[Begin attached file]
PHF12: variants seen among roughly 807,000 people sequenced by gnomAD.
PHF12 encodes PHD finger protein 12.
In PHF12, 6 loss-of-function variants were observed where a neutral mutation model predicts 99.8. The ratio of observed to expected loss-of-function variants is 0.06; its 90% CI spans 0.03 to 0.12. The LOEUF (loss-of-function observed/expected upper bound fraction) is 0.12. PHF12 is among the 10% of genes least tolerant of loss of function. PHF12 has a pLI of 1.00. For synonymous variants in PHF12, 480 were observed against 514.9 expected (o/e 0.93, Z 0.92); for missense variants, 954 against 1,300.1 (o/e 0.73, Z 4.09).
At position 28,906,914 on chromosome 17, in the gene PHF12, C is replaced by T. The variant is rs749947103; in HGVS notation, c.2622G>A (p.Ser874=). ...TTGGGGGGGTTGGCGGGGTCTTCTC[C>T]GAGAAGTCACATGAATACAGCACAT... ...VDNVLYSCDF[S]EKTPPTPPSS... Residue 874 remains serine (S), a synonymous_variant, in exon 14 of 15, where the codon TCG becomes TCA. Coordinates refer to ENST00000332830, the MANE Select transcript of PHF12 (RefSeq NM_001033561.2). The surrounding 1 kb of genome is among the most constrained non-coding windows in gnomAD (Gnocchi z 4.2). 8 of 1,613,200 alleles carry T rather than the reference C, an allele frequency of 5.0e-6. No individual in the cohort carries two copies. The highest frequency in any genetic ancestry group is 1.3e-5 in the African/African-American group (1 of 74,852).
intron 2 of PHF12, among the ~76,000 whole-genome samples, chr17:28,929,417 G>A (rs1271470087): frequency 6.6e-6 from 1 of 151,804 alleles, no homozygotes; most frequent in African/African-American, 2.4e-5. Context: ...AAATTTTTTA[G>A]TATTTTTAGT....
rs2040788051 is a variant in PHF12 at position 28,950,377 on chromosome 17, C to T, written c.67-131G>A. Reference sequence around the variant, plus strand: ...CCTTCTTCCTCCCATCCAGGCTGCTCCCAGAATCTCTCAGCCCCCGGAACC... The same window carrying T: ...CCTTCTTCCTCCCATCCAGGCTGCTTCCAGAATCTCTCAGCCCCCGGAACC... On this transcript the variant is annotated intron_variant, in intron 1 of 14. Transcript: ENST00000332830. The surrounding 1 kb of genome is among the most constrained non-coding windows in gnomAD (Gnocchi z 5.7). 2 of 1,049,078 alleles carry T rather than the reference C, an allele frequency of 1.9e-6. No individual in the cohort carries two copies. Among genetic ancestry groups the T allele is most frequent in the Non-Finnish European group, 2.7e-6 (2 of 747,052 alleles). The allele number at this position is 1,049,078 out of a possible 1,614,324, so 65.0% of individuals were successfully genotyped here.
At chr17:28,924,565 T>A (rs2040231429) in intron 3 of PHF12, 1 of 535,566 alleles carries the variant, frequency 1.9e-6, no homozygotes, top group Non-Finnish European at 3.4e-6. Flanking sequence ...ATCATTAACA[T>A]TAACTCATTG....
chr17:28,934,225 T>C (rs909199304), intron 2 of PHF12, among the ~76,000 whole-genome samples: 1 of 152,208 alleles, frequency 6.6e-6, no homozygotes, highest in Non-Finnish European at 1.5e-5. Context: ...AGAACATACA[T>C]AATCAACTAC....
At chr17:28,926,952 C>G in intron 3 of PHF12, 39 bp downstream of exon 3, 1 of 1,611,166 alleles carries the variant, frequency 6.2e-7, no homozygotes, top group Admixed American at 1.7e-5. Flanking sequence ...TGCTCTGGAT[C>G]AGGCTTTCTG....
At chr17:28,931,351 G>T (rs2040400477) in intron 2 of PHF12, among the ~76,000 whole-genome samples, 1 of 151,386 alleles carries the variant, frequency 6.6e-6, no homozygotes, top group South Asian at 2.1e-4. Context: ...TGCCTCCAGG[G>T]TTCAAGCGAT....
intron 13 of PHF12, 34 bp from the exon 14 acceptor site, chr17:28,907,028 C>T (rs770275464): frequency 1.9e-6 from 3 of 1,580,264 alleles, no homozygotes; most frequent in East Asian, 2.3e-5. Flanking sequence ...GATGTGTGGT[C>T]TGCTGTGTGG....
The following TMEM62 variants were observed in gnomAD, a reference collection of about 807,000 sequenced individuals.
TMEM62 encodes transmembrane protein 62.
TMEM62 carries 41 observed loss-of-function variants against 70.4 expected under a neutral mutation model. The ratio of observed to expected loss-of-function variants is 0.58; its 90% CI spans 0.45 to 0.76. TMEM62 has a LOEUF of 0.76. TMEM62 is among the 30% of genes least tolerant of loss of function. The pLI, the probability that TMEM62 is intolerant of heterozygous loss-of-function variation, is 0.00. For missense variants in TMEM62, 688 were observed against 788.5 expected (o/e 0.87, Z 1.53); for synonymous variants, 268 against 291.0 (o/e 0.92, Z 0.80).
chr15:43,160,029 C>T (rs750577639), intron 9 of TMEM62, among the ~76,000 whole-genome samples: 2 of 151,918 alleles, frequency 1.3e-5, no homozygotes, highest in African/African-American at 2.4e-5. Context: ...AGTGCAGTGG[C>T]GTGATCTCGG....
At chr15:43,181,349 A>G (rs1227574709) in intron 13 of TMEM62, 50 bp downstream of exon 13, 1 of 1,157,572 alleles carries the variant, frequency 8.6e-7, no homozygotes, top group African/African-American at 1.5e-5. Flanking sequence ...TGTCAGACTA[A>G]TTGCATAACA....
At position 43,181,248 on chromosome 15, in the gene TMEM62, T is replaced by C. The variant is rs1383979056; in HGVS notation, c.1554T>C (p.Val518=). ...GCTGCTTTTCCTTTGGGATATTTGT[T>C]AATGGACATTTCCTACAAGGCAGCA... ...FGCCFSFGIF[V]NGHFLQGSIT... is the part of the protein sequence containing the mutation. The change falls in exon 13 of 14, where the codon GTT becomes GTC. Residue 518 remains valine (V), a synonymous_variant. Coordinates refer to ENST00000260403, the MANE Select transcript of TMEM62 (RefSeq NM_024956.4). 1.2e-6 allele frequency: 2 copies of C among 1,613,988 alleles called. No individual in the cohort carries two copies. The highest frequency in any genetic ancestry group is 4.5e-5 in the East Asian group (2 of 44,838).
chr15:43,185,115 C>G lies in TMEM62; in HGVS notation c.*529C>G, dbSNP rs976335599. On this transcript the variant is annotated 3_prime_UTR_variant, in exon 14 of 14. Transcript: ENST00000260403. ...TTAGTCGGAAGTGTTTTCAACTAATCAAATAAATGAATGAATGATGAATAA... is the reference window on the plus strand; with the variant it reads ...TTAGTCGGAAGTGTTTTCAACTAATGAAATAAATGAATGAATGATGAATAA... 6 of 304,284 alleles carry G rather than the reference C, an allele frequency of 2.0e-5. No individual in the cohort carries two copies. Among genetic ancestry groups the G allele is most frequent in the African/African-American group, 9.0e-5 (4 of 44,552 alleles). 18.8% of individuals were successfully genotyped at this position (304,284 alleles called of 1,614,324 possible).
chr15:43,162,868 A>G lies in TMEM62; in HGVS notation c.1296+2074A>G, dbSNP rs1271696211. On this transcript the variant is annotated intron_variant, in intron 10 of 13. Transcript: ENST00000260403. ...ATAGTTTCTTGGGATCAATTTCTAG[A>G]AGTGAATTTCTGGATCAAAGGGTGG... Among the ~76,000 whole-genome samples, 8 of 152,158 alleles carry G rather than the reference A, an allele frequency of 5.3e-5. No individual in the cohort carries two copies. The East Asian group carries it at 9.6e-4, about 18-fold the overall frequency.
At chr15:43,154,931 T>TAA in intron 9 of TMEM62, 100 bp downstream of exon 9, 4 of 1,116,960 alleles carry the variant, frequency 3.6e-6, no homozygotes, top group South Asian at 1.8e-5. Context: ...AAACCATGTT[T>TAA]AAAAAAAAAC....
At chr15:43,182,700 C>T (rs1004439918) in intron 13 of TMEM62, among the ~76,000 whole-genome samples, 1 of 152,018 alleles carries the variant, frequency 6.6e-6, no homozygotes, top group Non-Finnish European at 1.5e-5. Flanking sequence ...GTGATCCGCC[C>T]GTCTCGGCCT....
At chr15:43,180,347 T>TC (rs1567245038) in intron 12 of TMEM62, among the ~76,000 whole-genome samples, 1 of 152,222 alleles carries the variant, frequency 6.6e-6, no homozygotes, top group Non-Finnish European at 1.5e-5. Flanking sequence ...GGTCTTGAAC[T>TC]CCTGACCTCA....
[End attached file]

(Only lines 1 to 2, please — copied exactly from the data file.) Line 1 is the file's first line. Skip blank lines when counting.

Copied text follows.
PHF12: variants seen among roughly 807,000 people sequenced by gnomAD.
PHF12 encodes PHD finger protein 12.